Kara-Tur Boxed Set: How the Forgotten Realms went all Marco Polo on us
First things first, if any of my readers missed my 'Top 10 RPG Artists of the Past 40 Years' over on Black Gate, please have a look here and tell me what you think! Now, on to this outstanding boxed set.
Kata-Tur is certainly an interesting concept, let’s add a bit of non-Euro flavor to the world, and one that came into practice several times with the Forgotten Realms setting. The creation of ‘other lands’ beyond Greenwood’s initial setting can certainly do no harm and gives DMs a great ‘aside’ if they so choose. And for Kara-Tur itself, it was also a perfect place for TSR to incorporate the AD&D Oriental Adventures Hardcover which to that point didn’t really have an intrinsically purposed setting.
I well remember buying Kara-Tur in my teens, and although I owned it I never got to play there and finally ended up giving the boxed set to my DM Mark who was always a big China/Japan fan. He tucked the set away and never played it either, and finally years later I began to regret that I’d given it away because the collector side of me wanted to have it next to the standard Forgotten Realms box.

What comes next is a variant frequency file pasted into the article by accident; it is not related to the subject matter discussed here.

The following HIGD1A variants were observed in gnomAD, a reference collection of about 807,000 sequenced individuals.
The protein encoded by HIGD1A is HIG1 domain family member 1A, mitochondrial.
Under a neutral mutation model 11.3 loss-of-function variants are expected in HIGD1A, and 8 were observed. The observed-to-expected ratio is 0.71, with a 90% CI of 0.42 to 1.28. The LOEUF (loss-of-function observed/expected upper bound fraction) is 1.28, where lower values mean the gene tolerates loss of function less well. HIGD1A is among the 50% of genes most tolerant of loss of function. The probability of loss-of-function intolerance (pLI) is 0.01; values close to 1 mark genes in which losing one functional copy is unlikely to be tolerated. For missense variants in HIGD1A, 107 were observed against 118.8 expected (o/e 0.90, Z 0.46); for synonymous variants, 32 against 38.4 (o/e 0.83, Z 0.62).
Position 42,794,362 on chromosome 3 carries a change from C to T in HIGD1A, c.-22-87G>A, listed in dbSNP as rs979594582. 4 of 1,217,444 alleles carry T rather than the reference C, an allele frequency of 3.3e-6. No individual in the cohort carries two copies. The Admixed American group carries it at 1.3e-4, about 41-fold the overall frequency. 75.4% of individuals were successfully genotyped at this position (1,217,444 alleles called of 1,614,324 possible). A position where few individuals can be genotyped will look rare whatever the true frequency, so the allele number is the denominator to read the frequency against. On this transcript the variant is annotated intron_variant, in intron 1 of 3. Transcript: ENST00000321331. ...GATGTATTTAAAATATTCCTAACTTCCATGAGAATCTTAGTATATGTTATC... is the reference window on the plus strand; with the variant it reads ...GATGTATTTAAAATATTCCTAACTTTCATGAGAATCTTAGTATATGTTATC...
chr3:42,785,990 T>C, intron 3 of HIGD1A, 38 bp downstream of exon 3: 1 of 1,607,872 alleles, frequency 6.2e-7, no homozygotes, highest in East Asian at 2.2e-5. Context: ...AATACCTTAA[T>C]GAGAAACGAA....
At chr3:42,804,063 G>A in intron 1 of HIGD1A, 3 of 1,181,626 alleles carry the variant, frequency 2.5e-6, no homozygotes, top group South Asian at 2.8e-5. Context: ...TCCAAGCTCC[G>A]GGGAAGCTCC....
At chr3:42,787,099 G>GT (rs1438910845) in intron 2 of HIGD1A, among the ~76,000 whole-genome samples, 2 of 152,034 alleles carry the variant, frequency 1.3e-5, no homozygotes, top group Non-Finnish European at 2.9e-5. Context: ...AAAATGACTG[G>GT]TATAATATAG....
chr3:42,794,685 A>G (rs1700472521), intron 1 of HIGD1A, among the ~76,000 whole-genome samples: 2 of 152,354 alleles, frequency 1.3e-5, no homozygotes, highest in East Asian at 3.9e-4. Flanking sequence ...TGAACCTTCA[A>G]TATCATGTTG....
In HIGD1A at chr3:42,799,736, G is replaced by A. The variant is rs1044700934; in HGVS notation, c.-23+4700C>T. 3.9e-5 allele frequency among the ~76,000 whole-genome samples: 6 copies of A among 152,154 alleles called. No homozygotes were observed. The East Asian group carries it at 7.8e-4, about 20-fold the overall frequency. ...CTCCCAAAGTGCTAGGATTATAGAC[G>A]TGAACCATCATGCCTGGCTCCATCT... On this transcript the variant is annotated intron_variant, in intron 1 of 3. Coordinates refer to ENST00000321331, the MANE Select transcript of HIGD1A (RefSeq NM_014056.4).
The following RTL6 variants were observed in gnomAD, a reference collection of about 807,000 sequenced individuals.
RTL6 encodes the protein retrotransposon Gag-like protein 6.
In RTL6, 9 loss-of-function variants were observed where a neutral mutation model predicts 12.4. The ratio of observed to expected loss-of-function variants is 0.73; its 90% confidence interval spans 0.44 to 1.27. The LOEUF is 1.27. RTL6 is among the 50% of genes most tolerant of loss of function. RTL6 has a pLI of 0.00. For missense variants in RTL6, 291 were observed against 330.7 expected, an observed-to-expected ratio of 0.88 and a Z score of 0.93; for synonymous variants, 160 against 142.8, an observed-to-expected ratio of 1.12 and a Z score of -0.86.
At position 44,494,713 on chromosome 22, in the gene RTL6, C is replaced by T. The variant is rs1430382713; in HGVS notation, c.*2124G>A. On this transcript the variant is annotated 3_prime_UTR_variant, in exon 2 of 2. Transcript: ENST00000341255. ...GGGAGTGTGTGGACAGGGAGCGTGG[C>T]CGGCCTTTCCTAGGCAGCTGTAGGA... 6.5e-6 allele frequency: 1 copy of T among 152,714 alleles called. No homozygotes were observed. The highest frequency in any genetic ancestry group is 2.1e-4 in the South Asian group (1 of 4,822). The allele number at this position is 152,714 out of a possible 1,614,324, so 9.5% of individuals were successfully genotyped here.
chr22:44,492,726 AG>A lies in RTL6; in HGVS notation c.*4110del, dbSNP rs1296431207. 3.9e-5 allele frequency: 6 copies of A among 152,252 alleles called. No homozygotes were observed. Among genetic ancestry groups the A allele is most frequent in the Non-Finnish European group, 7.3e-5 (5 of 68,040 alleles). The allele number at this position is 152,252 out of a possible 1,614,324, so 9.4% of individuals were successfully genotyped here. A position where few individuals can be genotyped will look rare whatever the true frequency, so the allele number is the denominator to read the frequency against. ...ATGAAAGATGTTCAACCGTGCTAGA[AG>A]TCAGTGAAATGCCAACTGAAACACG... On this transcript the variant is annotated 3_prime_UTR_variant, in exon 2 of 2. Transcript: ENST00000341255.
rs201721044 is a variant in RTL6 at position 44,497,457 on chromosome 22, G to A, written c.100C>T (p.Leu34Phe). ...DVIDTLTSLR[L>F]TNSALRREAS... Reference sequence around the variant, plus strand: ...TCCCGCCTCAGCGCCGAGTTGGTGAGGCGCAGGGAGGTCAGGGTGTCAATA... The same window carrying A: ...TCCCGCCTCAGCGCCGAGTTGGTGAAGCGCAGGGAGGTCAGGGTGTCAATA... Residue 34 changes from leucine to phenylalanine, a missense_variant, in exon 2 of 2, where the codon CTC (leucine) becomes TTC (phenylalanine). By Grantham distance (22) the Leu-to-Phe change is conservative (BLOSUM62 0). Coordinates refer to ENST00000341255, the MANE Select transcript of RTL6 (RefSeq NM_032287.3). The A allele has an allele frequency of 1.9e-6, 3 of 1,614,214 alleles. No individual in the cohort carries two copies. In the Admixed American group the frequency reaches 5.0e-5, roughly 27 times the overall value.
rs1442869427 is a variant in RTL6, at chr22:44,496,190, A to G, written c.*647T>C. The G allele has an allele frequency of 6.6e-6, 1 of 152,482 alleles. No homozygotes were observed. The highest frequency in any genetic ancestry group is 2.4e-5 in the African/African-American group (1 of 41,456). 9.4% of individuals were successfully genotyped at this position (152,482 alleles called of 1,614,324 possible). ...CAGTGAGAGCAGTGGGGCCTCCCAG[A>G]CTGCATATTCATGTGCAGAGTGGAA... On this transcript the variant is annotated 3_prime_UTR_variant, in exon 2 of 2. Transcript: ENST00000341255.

Eventually I went to eBay and picked up a copy again that I could peruse at my leisure, enjoying the artwork inside.
It is funny, because now that I’ve invested so much time in understanding such things, once I delved into the box I realized TSR had done precisely the same thing design work with Spelljammer that it did with Kara-Tur, utilizing Easley for the box cover and then having Jim Holloway do all the b/w interiors. The only difference with this box was that Easley did both color booklet interiors while in Spelljammer those covers were also done by Holloway.
I can also proudly say that the cover for Kara-Tur holds a special place in my heart for another reason, that being that it is the only piece of TSR artwork I own, as well as the only painting of Easley’s in my collection.
Both of the Easley works for this set are truly stupendous and also were created during his ‘golden age’ at TSR, so they should be recognized as such. Holloway also does an admirable job with the interiors, and knowing that Jim is of Japanese descent always seemed to make this setting more ‘home’ for him. He truly does stupendous work in the genre.
Artistic Rating: 4 [out of 5]